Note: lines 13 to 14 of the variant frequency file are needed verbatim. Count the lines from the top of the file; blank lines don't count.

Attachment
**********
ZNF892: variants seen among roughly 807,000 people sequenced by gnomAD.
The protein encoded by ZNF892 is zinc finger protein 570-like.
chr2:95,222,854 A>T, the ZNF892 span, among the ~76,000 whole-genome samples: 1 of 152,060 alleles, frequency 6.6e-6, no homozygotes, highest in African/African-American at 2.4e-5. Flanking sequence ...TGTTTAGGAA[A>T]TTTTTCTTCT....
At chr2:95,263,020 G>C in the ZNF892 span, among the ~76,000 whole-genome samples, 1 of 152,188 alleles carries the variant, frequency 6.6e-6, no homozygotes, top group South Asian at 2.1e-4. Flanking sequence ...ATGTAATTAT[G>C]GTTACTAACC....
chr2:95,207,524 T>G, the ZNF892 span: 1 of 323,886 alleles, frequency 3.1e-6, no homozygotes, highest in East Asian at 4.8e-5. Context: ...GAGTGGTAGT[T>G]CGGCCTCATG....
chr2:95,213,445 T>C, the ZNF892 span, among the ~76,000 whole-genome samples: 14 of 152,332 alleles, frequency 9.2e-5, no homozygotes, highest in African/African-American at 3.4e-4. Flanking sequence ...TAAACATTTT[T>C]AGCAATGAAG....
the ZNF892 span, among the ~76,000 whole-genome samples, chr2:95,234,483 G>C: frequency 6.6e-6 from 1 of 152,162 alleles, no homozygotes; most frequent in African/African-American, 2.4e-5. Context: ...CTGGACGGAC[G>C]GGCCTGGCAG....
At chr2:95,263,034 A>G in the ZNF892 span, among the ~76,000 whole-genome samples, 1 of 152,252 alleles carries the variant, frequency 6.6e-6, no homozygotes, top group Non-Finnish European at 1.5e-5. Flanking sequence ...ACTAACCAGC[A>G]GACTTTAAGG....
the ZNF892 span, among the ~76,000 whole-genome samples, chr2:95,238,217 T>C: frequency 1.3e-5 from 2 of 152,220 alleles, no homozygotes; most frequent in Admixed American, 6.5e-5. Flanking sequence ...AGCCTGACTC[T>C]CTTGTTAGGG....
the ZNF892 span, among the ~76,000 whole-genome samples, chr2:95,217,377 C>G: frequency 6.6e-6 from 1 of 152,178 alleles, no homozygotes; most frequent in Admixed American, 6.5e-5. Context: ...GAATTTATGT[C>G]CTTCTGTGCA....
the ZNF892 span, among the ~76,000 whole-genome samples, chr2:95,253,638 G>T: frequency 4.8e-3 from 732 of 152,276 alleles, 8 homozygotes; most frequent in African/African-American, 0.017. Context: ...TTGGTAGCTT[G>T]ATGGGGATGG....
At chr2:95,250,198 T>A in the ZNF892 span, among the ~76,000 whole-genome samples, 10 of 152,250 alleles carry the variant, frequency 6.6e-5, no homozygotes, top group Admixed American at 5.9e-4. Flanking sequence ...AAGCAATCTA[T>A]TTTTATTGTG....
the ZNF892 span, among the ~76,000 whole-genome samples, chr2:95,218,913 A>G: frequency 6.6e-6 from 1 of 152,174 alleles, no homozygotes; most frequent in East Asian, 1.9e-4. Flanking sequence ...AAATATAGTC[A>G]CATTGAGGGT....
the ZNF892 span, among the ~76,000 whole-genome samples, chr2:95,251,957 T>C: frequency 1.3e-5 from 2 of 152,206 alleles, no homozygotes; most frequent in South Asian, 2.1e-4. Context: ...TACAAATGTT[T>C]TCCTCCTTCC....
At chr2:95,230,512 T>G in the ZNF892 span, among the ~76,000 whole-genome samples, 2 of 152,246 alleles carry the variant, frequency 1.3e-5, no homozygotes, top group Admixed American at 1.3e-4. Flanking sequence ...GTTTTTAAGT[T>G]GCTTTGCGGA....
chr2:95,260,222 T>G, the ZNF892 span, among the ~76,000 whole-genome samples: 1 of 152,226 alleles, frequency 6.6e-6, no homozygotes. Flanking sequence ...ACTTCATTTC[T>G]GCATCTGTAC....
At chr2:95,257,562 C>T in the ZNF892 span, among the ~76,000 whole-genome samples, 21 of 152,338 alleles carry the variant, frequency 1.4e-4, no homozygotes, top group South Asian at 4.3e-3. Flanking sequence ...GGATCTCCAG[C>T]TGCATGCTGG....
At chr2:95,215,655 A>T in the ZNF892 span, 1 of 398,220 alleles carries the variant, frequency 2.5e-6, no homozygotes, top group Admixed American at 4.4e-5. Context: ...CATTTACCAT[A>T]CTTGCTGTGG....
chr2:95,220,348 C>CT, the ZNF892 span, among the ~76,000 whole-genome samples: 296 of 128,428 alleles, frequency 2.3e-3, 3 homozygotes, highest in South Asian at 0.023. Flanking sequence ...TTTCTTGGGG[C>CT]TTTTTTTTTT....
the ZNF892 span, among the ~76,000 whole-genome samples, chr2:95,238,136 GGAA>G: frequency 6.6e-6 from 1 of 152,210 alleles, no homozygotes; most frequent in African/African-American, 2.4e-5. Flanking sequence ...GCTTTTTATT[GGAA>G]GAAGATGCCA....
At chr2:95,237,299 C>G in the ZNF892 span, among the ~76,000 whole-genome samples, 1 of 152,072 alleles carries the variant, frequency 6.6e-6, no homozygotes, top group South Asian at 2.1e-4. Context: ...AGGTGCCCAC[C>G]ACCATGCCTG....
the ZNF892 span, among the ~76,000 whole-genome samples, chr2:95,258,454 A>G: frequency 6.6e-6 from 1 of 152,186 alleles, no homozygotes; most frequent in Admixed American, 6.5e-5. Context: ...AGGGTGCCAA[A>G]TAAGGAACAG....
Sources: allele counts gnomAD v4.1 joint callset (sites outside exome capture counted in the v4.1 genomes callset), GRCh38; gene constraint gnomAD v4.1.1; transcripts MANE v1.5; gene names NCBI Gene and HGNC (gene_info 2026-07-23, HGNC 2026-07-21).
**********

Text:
the ZNF892 span, among the ~76,000 whole-genome samples, chr2:95,218,913 A>G: frequency 6.6e-6 from 1 of 152,174 alleles, no homozygotes; most frequent in East Asian, 1.9e-4. Flanking sequence ...AAATATAGTC[A>G]CATTGAGGGT....
the ZNF892 span, among the ~76,000 whole-genome samples, chr2:95,251,957 T>C: frequency 1.3e-5 from 2 of 152,206 alleles, no homozygotes; most frequent in South Asian, 2.1e-4. Context: ...TACAAATGTT[T>C]TCCTCCTTCC....